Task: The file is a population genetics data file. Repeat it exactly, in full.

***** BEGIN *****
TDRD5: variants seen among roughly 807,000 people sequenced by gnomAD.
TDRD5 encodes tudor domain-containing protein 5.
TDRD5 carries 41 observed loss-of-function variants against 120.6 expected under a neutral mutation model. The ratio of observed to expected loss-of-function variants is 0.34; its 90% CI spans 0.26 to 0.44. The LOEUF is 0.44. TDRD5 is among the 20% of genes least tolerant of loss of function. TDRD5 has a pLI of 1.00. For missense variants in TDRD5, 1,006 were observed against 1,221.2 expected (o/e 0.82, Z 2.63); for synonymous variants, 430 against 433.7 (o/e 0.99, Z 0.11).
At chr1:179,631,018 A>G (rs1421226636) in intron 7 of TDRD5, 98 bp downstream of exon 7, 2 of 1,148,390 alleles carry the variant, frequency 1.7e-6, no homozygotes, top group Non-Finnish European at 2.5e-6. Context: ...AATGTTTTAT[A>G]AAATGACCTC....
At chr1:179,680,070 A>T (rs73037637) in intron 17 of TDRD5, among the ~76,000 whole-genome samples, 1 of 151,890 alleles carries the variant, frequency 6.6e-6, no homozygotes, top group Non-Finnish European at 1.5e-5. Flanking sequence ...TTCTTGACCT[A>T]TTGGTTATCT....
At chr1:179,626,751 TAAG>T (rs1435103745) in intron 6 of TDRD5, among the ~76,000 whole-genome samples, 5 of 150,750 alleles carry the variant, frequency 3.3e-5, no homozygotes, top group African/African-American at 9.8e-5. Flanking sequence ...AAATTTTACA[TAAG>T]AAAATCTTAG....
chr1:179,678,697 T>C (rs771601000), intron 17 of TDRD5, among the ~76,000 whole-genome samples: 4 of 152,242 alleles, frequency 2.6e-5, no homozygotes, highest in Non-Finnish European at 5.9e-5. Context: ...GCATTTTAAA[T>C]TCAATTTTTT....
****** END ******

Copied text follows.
TDRD5: variants seen among roughly 807,000 people sequenced by gnomAD.
TDRD5 encodes tudor domain-containing protein 5.
TDRD5 carries 41 observed loss-of-function variants against 120.6 expected under a neutral mutation model. The ratio of observed to expected loss-of-function variants is 0.34; its 90% CI spans 0.26 to 0.44. The LOEUF is 0.44. TDRD5 is among the 20% of genes least tolerant of loss of function. TDRD5 has a pLI of 1.00. For missense variants in TDRD5, 1,006 were observed against 1,221.2 expected (o/e 0.82, Z 2.63); for synonymous variants, 430 against 433.7 (o/e 0.99, Z 0.11).
At chr1:179,631,018 A>G (rs1421226636) in intron 7 of TDRD5, 98 bp downstream of exon 7, 2 of 1,148,390 alleles carry the variant, frequency 1.7e-6, no homozygotes, top group Non-Finnish European at 2.5e-6. Context: ...AATGTTTTAT[A>G]AAATGACCTC....
At chr1:179,680,070 A>T (rs73037637) in intron 17 of TDRD5, among the ~76,000 whole-genome samples, 1 of 151,890 alleles carries the variant, frequency 6.6e-6, no homozygotes, top group Non-Finnish European at 1.5e-5. Flanking sequence ...TTCTTGACCT[A>T]TTGGTTATCT....
At chr1:179,626,751 TAAG>T (rs1435103745) in intron 6 of TDRD5, among the ~76,000 whole-genome samples, 5 of 150,750 alleles carry the variant, frequency 3.3e-5, no homozygotes, top group African/African-American at 9.8e-5. Flanking sequence ...AAATTTTACA[TAAG>T]AAAATCTTAG....
chr1:179,678,697 T>C (rs771601000), intron 17 of TDRD5, among the ~76,000 whole-genome samples: 4 of 152,242 alleles, frequency 2.6e-5, no homozygotes, highest in Non-Finnish European at 5.9e-5. Context: ...GCATTTTAAA[T>C]TCAATTTTTT....